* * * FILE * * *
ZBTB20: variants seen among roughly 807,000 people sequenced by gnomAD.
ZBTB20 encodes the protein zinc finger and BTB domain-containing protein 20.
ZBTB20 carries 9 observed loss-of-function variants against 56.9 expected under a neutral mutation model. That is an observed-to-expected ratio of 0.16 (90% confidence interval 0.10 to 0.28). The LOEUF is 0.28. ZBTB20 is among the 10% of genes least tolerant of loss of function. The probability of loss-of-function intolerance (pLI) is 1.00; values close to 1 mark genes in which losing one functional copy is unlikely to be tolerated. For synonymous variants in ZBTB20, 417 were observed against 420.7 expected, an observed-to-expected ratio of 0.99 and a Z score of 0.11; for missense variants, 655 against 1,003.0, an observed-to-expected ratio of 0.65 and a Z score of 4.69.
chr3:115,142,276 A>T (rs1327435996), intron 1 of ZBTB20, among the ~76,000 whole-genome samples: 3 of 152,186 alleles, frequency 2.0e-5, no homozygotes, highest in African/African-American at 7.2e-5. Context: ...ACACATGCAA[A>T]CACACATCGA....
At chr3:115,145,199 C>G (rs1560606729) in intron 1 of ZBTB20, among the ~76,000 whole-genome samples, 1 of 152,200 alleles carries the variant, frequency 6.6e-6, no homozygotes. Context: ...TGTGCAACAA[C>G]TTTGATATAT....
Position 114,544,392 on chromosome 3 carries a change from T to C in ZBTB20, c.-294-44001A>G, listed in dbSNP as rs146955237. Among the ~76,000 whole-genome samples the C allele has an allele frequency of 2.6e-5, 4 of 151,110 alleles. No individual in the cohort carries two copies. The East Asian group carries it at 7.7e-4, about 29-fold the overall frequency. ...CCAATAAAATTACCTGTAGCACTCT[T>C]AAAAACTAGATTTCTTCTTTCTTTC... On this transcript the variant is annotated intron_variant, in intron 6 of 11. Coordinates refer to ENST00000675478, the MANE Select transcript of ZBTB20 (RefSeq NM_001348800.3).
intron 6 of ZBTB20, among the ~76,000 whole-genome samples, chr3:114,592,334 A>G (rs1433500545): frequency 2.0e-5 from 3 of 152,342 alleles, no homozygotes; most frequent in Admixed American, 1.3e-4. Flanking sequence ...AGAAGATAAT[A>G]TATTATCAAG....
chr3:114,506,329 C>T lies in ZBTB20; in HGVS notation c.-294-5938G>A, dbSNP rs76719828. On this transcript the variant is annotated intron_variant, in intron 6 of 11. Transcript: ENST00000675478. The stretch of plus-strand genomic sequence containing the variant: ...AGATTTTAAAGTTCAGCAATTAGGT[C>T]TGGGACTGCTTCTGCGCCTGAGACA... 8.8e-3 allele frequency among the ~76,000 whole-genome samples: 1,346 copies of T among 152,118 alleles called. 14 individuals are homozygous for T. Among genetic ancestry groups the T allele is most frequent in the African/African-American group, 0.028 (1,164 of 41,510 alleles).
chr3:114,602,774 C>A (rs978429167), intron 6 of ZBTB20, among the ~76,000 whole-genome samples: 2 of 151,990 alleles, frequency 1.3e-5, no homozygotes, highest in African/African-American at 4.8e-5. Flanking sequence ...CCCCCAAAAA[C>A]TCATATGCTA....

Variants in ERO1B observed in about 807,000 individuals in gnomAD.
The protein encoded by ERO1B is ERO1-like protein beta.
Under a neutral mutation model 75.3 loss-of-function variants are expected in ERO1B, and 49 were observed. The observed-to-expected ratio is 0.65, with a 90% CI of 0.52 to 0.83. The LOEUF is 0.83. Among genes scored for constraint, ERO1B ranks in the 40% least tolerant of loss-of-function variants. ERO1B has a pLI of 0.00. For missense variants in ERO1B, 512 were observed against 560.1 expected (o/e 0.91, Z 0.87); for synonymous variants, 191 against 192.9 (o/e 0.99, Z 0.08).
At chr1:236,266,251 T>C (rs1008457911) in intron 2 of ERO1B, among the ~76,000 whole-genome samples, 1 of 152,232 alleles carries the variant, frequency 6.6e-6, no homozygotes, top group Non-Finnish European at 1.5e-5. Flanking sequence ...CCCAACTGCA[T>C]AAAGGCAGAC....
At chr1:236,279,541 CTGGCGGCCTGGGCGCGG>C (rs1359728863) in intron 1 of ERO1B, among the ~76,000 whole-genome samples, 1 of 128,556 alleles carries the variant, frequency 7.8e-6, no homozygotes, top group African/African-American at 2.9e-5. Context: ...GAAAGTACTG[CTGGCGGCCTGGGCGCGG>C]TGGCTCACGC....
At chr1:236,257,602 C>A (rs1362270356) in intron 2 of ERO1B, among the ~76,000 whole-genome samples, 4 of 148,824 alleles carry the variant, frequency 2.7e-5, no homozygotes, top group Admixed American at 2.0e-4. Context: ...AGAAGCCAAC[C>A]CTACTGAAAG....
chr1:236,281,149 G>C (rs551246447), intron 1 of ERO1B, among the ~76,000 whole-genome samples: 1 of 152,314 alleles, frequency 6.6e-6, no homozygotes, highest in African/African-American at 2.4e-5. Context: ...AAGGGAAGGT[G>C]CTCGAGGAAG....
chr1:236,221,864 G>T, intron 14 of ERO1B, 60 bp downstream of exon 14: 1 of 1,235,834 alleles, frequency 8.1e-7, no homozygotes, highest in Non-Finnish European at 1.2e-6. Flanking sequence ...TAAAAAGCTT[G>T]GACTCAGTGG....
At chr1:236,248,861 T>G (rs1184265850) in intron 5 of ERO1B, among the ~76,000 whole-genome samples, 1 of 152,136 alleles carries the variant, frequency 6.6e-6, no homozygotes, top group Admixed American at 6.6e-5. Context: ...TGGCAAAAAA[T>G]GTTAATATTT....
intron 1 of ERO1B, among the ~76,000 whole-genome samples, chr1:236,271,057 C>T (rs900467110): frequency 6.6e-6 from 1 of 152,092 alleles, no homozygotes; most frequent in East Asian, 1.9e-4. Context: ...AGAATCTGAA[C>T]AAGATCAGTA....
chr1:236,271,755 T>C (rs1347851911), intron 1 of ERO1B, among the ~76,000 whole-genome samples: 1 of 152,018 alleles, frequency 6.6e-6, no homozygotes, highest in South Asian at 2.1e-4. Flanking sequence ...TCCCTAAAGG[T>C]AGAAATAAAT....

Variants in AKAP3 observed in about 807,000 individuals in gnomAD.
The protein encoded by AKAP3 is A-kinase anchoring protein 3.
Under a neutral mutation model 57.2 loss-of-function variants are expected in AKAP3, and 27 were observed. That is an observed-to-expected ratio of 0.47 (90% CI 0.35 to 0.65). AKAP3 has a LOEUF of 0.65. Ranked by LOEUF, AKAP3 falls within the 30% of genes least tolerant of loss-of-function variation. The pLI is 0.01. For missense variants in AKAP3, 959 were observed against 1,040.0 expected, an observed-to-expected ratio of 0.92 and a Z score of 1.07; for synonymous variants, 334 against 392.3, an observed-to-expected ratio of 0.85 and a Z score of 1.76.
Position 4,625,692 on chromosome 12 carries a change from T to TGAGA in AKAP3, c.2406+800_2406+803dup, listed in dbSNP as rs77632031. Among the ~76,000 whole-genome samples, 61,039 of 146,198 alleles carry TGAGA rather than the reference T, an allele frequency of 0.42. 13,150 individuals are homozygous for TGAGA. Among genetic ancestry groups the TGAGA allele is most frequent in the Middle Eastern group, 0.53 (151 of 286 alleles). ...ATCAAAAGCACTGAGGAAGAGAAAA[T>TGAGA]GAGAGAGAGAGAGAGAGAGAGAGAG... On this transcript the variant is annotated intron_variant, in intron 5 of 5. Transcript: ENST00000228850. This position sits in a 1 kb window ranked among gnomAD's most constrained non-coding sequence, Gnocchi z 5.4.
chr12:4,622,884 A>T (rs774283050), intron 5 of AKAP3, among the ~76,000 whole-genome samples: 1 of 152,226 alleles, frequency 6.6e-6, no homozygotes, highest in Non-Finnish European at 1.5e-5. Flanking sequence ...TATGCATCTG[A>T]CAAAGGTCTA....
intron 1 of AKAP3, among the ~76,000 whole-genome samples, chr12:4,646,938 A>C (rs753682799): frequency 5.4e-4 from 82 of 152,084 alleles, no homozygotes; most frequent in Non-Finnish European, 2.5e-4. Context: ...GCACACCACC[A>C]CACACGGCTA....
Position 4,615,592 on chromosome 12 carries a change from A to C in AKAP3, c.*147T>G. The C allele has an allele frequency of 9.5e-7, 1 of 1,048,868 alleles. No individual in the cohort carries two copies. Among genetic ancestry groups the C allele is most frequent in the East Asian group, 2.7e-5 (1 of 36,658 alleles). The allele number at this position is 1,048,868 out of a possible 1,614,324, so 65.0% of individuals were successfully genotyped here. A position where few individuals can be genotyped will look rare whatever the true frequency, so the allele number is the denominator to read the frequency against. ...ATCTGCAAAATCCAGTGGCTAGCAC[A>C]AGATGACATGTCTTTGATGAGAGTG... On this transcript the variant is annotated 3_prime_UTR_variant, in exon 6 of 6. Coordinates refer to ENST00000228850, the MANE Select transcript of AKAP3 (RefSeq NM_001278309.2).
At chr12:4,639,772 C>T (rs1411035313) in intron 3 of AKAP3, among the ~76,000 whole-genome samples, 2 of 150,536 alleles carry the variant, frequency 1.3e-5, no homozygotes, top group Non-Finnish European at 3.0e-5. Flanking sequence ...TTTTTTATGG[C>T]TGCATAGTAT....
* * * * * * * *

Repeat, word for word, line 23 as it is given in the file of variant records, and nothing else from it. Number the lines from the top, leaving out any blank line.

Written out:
Under a neutral mutation model 57.2 loss-of-function variants are expected in AKAP3, and 27 were observed. That is an observed-to-expected ratio of 0.47 (90% CI 0.35 to 0.65). AKAP3 has a LOEUF of 0.65. Ranked by LOEUF, AKAP3 falls within the 30% of genes least tolerant of loss-of-function variation. The pLI is 0.01. For missense variants in AKAP3, 959 were observed against 1,040.0 expected, an observed-to-expected ratio of 0.92 and a Z score of 1.07; for synonymous variants, 334 against 392.3, an observed-to-expected ratio of 0.85 and a Z score of 1.76.